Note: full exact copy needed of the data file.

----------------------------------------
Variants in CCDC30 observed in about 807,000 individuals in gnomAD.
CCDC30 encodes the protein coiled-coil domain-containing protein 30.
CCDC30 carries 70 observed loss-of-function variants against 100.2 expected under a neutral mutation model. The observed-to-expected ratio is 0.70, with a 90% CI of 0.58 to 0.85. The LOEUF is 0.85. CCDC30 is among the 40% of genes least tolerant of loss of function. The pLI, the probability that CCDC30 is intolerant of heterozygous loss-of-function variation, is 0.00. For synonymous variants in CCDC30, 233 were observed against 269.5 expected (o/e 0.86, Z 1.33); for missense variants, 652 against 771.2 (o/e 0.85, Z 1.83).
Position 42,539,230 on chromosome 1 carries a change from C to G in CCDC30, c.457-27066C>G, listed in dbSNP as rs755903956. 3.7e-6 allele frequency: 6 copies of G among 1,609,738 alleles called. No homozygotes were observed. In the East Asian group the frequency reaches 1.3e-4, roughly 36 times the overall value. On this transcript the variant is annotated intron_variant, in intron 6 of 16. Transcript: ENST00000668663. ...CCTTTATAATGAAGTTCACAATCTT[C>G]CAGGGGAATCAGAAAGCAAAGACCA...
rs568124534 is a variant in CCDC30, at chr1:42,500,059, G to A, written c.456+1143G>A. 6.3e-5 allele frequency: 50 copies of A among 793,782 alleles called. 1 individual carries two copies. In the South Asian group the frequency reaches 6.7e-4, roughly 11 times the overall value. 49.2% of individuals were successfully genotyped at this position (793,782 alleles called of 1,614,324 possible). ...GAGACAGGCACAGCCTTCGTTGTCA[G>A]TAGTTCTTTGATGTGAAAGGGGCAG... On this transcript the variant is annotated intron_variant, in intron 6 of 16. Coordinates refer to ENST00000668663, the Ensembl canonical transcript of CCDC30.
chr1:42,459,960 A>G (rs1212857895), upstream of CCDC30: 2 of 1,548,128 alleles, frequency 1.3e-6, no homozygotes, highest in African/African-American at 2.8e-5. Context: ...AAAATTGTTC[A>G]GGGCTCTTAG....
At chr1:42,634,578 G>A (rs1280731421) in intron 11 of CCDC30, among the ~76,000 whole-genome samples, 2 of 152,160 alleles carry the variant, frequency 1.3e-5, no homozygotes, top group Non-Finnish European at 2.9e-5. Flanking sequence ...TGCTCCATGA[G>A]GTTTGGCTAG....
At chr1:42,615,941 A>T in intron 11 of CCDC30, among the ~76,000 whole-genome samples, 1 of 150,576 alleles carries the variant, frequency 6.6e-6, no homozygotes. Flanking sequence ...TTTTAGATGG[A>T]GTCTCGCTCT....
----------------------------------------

Variants in CCDC30 observed in about 807,000 individuals in gnomAD.
CCDC30 encodes the protein coiled-coil domain-containing protein 30.
CCDC30 carries 70 observed loss-of-function variants against 100.2 expected under a neutral mutation model. The observed-to-expected ratio is 0.70, with a 90% CI of 0.58 to 0.85. The LOEUF is 0.85. CCDC30 is among the 40% of genes least tolerant of loss of function. The pLI, the probability that CCDC30 is intolerant of heterozygous loss-of-function variation, is 0.00. For synonymous variants in CCDC30, 233 were observed against 269.5 expected (o/e 0.86, Z 1.33); for missense variants, 652 against 771.2 (o/e 0.85, Z 1.83).
Position 42,539,230 on chromosome 1 carries a change from C to G in CCDC30, c.457-27066C>G, listed in dbSNP as rs755903956. 3.7e-6 allele frequency: 6 copies of G among 1,609,738 alleles called. No homozygotes were observed. In the East Asian group the frequency reaches 1.3e-4, roughly 36 times the overall value. On this transcript the variant is annotated intron_variant, in intron 6 of 16. Transcript: ENST00000668663. ...CCTTTATAATGAAGTTCACAATCTT[C>G]CAGGGGAATCAGAAAGCAAAGACCA...
rs568124534 is a variant in CCDC30, at chr1:42,500,059, G to A, written c.456+1143G>A. 6.3e-5 allele frequency: 50 copies of A among 793,782 alleles called. 1 individual carries two copies. In the South Asian group the frequency reaches 6.7e-4, roughly 11 times the overall value. 49.2% of individuals were successfully genotyped at this position (793,782 alleles called of 1,614,324 possible). ...GAGACAGGCACAGCCTTCGTTGTCA[G>A]TAGTTCTTTGATGTGAAAGGGGCAG... On this transcript the variant is annotated intron_variant, in intron 6 of 16. Coordinates refer to ENST00000668663, the Ensembl canonical transcript of CCDC30.
chr1:42,459,960 A>G (rs1212857895), upstream of CCDC30: 2 of 1,548,128 alleles, frequency 1.3e-6, no homozygotes, highest in African/African-American at 2.8e-5. Context: ...AAAATTGTTC[A>G]GGGCTCTTAG....
At chr1:42,634,578 G>A (rs1280731421) in intron 11 of CCDC30, among the ~76,000 whole-genome samples, 2 of 152,160 alleles carry the variant, frequency 1.3e-5, no homozygotes, top group Non-Finnish European at 2.9e-5. Flanking sequence ...TGCTCCATGA[G>A]GTTTGGCTAG....
At chr1:42,615,941 A>T in intron 11 of CCDC30, among the ~76,000 whole-genome samples, 1 of 150,576 alleles carries the variant, frequency 6.6e-6, no homozygotes. Flanking sequence ...TTTTAGATGG[A>T]GTCTCGCTCT....